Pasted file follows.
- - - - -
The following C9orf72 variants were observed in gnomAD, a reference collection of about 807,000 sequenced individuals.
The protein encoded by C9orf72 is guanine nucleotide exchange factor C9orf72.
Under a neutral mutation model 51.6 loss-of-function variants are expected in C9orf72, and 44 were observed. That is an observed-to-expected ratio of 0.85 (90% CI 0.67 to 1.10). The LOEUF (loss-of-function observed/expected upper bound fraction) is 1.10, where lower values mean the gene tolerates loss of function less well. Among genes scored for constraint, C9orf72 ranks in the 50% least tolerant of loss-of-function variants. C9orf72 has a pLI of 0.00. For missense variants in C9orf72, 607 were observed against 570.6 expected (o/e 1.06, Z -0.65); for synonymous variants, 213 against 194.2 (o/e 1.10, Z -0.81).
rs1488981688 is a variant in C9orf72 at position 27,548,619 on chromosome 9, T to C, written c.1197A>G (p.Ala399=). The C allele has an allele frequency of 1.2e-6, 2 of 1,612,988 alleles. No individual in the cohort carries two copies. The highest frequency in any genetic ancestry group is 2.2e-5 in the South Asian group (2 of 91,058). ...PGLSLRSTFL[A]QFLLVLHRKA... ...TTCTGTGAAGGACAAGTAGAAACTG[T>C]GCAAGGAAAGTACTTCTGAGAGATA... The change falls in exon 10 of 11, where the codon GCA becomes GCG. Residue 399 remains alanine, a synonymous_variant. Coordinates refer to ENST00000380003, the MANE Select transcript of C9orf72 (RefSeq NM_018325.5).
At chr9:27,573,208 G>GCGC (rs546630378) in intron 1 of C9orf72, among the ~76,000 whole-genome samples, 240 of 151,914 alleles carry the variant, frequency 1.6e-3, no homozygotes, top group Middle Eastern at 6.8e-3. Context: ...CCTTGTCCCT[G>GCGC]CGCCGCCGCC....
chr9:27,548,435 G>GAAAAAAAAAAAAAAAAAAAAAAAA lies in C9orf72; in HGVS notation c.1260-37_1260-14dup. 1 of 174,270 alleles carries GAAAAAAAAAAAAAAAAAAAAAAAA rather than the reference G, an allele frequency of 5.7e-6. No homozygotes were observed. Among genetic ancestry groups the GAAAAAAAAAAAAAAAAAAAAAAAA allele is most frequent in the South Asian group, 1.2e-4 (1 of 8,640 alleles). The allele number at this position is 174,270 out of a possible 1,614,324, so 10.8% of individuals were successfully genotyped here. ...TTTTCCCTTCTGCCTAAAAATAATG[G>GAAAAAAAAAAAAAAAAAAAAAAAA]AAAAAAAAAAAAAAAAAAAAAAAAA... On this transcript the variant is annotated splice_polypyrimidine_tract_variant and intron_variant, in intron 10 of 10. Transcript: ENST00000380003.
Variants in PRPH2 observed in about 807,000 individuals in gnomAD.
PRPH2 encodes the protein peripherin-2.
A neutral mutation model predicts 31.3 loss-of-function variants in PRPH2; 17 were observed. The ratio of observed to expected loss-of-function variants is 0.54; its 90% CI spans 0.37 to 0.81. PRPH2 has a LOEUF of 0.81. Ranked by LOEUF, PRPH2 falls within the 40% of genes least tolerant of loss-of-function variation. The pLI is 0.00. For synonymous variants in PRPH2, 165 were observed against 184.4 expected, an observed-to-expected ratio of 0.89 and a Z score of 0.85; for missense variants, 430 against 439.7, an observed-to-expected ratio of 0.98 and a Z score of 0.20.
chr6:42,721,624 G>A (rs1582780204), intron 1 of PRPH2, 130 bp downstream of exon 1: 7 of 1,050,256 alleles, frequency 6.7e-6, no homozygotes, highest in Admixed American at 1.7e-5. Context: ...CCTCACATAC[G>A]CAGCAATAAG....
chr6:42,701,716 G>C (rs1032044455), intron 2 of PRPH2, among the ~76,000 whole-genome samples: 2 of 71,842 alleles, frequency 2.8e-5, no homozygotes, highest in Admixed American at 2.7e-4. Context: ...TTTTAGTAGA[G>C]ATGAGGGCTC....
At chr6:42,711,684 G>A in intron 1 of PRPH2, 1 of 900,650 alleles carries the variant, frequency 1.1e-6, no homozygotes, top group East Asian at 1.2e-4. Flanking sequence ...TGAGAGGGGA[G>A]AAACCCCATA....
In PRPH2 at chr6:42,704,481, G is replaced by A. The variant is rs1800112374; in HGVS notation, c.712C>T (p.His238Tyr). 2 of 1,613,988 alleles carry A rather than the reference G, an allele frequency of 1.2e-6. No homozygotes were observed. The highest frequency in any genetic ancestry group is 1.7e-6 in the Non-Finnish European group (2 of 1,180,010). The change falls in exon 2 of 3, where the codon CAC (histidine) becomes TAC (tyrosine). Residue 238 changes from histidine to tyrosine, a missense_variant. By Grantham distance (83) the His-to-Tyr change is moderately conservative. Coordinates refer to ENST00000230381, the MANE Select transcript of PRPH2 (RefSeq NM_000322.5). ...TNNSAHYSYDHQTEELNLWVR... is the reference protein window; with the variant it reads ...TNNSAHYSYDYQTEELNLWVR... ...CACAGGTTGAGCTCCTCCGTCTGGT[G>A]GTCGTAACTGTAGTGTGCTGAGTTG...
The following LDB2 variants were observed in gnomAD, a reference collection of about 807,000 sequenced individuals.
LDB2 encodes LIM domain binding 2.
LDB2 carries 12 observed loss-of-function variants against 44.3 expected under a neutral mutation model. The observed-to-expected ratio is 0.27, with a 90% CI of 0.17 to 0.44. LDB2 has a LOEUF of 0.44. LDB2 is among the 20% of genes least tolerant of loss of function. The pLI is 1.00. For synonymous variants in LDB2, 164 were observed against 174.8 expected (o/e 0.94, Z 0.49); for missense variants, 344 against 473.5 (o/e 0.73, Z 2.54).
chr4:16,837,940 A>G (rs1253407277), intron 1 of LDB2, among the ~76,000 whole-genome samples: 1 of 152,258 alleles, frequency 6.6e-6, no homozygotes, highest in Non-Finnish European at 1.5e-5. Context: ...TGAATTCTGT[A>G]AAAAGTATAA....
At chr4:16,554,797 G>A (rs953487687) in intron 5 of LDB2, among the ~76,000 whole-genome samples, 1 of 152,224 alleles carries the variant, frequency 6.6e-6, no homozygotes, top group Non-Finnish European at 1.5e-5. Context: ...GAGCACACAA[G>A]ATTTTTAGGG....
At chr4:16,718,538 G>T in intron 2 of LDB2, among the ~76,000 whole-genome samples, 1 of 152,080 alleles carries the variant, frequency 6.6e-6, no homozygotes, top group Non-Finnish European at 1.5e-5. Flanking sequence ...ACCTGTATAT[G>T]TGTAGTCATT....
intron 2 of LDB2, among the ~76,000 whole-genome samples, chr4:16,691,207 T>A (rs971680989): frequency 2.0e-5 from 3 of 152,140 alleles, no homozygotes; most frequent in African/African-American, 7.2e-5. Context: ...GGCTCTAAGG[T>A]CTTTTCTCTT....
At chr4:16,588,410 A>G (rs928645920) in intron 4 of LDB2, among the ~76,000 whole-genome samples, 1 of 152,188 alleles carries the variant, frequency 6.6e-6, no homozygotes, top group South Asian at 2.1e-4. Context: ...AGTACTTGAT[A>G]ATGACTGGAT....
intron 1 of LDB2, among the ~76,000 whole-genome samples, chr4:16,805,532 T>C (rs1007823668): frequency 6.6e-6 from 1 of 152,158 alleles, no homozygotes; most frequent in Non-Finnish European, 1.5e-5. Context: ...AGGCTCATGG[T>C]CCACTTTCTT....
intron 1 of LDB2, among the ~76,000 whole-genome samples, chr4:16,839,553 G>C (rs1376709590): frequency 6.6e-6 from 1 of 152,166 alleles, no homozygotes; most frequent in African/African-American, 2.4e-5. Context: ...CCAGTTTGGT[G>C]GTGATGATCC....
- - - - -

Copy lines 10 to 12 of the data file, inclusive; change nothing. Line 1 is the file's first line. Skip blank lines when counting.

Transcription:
chr6:42,721,624 G>A (rs1582780204), intron 1 of PRPH2, 130 bp downstream of exon 1: 7 of 1,050,256 alleles, frequency 6.7e-6, no homozygotes, highest in Admixed American at 1.7e-5. Context: ...CCTCACATAC[G>A]CAGCAATAAG....
chr6:42,701,716 G>C (rs1032044455), intron 2 of PRPH2, among the ~76,000 whole-genome samples: 2 of 71,842 alleles, frequency 2.8e-5, no homozygotes, highest in Admixed American at 2.7e-4. Context: ...TTTTAGTAGA[G>C]ATGAGGGCTC....
At chr6:42,711,684 G>A in intron 1 of PRPH2, 1 of 900,650 alleles carries the variant, frequency 1.1e-6, no homozygotes, top group East Asian at 1.2e-4. Flanking sequence ...TGAGAGGGGA[G>A]AAACCCCATA....